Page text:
Posts tagged with "Quality"

Ethisphere recognizes ‘World’s Most Ethical Companies for 2019’

February 24, 2019

Ethics seem to be in short supply lately—in government, in business, and in personal relationships. So, it’s refreshing to discover that an entity has been honored for being ethical—let alone 128 organizations representing 21 countries and 50 industries.

However, on February 23, Ethisphere—a  Scottsdale, Arizona-based institute that has been publicly recognizing companies that excel in and promote best practices in corporate ethics since 2007—announced its choices for the 2019 World’s Most Ethical Companies.

The list includes 16 first-time honorees and eight organizations that have been named to the list every year since 2007.

The companies on the list have met rigorous criteria across five categories covering the quality of their ethics and compliance program, organizational culture, corporate citizenship and responsibility, governance, and leadership and reputation.

More than ever, the data from the process shows global companies stepping up to advance society and addressing issues like diversity and inclusion, supporting the rule of law, and advancing human rights.

“Today employees, consumers and stakeholders value companies that show both a commitment to business integrity, and also have the organizational humility to never stop seeking improvement,” said Ethisphere CEO Timothy Erblich. “We congratulate all honorees for making our world a better place by blending profit and purpose in a meaningful way.”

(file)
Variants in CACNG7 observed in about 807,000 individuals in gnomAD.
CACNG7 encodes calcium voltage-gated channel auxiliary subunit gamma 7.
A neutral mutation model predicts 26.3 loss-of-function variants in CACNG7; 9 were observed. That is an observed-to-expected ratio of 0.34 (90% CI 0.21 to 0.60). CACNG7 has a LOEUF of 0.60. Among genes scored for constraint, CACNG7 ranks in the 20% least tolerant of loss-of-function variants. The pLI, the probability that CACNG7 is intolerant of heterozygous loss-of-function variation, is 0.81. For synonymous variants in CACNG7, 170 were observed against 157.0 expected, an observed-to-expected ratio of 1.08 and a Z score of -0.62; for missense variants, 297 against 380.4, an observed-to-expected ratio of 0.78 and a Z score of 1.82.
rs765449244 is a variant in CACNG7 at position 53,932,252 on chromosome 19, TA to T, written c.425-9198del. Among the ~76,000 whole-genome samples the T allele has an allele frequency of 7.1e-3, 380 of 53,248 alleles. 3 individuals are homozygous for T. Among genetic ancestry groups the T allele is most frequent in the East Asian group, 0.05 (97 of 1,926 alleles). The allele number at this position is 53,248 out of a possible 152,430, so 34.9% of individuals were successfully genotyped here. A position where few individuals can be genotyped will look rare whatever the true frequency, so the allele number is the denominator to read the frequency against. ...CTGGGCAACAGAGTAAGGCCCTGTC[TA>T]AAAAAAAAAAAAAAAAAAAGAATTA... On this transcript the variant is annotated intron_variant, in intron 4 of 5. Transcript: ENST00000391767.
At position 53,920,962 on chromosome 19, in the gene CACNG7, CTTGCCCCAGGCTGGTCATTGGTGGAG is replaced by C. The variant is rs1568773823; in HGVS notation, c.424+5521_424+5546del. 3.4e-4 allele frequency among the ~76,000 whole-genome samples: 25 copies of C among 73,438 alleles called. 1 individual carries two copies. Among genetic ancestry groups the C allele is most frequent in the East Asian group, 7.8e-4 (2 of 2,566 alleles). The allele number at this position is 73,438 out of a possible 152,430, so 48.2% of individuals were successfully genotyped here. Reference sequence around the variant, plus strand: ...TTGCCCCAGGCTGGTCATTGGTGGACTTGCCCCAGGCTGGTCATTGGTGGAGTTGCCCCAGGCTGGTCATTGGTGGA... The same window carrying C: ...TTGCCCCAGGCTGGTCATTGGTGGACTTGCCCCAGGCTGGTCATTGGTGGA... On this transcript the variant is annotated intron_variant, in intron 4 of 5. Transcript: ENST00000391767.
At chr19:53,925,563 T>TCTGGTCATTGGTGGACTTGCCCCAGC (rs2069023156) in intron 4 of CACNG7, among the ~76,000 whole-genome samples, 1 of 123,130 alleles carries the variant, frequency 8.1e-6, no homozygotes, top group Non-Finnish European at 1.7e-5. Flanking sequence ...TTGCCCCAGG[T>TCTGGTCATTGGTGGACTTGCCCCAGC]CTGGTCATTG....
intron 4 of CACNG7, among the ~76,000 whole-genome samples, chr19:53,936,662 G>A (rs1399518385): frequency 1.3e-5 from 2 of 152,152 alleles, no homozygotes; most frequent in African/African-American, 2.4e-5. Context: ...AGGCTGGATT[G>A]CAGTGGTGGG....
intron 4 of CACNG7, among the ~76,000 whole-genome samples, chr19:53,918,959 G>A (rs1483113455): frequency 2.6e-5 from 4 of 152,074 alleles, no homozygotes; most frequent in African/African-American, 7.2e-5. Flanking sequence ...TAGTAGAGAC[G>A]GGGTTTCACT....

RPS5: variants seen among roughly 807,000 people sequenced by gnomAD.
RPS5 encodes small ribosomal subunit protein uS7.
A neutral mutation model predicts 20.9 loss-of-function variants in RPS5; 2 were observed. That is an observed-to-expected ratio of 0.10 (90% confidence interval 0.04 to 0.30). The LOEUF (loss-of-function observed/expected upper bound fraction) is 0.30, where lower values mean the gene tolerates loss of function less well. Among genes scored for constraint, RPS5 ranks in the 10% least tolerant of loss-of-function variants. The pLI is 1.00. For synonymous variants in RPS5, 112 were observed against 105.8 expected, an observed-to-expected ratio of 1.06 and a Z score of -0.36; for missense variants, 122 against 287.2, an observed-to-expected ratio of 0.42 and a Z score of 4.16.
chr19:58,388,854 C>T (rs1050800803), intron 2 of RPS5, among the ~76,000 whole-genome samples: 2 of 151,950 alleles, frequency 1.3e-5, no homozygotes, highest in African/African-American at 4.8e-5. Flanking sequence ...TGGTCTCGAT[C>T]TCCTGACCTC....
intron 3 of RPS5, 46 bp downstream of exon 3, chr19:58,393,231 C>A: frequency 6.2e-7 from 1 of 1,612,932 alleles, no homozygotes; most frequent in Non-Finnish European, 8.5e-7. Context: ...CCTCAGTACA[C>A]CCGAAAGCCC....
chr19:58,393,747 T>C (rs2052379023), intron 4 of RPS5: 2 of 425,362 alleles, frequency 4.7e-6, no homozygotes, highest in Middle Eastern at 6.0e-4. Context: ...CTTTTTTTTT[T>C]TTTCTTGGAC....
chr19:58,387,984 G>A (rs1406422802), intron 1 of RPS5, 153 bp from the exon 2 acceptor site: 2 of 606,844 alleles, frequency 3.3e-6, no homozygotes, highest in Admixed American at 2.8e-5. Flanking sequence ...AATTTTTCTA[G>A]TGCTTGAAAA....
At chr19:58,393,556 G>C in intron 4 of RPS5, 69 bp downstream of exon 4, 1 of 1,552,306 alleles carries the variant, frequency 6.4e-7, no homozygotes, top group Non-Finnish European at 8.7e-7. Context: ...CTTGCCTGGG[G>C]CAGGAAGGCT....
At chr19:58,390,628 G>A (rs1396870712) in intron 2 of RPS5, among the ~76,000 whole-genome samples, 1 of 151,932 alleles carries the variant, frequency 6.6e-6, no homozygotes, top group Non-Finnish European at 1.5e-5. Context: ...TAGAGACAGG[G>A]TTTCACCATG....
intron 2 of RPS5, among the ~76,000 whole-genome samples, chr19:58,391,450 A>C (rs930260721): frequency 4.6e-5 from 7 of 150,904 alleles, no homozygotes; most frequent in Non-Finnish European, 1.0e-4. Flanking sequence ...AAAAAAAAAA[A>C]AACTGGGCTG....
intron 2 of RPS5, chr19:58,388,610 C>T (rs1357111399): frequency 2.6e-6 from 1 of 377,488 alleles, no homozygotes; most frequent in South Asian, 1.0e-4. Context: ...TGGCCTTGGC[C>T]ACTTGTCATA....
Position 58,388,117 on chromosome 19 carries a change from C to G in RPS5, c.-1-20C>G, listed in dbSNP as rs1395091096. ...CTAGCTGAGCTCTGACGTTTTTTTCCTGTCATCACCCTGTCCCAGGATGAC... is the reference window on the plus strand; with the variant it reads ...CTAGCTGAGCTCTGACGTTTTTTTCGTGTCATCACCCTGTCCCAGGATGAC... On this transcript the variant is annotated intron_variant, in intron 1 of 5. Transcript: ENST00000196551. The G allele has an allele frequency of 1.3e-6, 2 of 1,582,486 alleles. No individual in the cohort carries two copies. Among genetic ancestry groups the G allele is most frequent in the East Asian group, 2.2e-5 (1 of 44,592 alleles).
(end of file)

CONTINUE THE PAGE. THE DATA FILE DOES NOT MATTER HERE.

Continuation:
The full list of the 2019 World’s Most Ethical Companies—from AARP, Accenture, and Aflac  through Wipro, WPS Health Solutions, and Wyndham Hotels—can be found at

Research contact: @Ethisphere

Face value: What women look for in cosmetics

March 26, 2018

When it comes to putting their best face forward, U.S. women are looking for makeup products that are “high-quality” over and above any other factor, including price.

While 40% of women are seeking only the best ingredients and finishes in the cosmetics they use daily, just 17% believe price is the key variable in their beauty products, based on findings of a poll by Civic Science released on March 20.

So what does this look like in terms of age? The results may speak to further evidence of the ways that makeup marketing and the beauty industry have changed over the years.

When we look at quality, Gen X-ers make up 43% of respondents who believe that this one factor was the most important. Baby Boomers come in at 30%; and Millennials, at 20%.

Given the fact that Millennials made up 40% of respondents who believed that price was most important, this could indicate their willingness for a tradeoff: If the price is right, this age group may agree to sacrifice on quality. The fact that society places a high priority on retaining a youthful appearance may also contribute to the rise we see in the 35+ set seeking greater quality in the products they choose.

Another major factor in cosmetic and skincare decisions, according to the pollsters, is whether a product can be classified as “hypoallergenic”— with 29% of respondents from coast to coast indicating that this particular label matters when it comes to their skincare and makeup purchases.